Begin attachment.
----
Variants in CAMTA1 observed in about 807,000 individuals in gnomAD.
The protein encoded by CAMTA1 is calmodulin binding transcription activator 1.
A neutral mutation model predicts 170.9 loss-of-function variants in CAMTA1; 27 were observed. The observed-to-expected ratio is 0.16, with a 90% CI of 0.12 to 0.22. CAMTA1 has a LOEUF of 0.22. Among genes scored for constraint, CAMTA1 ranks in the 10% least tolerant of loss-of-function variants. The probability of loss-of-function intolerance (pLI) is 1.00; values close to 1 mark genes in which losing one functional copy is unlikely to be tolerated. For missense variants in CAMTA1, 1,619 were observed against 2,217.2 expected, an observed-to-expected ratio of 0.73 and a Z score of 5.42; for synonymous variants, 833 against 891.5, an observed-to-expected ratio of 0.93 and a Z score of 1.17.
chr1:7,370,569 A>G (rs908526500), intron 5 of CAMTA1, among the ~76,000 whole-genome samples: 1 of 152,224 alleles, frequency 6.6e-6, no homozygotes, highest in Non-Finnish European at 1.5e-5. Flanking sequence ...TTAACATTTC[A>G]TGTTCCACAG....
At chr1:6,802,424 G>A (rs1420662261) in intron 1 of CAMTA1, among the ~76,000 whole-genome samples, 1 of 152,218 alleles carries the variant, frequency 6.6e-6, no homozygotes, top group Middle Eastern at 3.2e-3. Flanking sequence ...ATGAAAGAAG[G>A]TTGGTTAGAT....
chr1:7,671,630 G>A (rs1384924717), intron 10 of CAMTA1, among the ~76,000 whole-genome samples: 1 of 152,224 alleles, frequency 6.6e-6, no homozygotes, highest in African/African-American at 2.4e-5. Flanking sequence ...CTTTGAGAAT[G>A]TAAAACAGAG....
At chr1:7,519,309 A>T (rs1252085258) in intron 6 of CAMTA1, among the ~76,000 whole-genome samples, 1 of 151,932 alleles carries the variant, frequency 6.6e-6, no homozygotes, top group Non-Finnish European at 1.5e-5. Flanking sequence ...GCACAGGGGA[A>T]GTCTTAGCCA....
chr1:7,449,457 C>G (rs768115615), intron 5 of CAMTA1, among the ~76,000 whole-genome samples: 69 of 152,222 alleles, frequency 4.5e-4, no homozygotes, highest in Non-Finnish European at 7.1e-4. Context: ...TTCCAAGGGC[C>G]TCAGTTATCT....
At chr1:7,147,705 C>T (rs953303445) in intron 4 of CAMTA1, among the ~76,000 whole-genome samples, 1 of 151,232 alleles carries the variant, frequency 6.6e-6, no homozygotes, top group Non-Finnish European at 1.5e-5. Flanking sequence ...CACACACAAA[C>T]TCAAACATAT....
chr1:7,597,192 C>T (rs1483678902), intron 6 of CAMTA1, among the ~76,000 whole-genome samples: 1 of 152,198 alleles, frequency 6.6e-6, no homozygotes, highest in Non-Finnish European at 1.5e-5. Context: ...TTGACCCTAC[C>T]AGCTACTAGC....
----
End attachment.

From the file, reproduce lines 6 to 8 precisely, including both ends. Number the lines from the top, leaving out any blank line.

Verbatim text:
chr1:7,671,630 G>A (rs1384924717), intron 10 of CAMTA1, among the ~76,000 whole-genome samples: 1 of 152,224 alleles, frequency 6.6e-6, no homozygotes, highest in African/African-American at 2.4e-5. Flanking sequence ...CTTTGAGAAT[G>A]TAAAACAGAG....
At chr1:7,519,309 A>T (rs1252085258) in intron 6 of CAMTA1, among the ~76,000 whole-genome samples, 1 of 151,932 alleles carries the variant, frequency 6.6e-6, no homozygotes, top group Non-Finnish European at 1.5e-5. Flanking sequence ...GCACAGGGGA[A>T]GTCTTAGCCA....
chr1:7,449,457 C>G (rs768115615), intron 5 of CAMTA1, among the ~76,000 whole-genome samples: 69 of 152,222 alleles, frequency 4.5e-4, no homozygotes, highest in Non-Finnish European at 7.1e-4. Context: ...TTCCAAGGGC[C>G]TCAGTTATCT....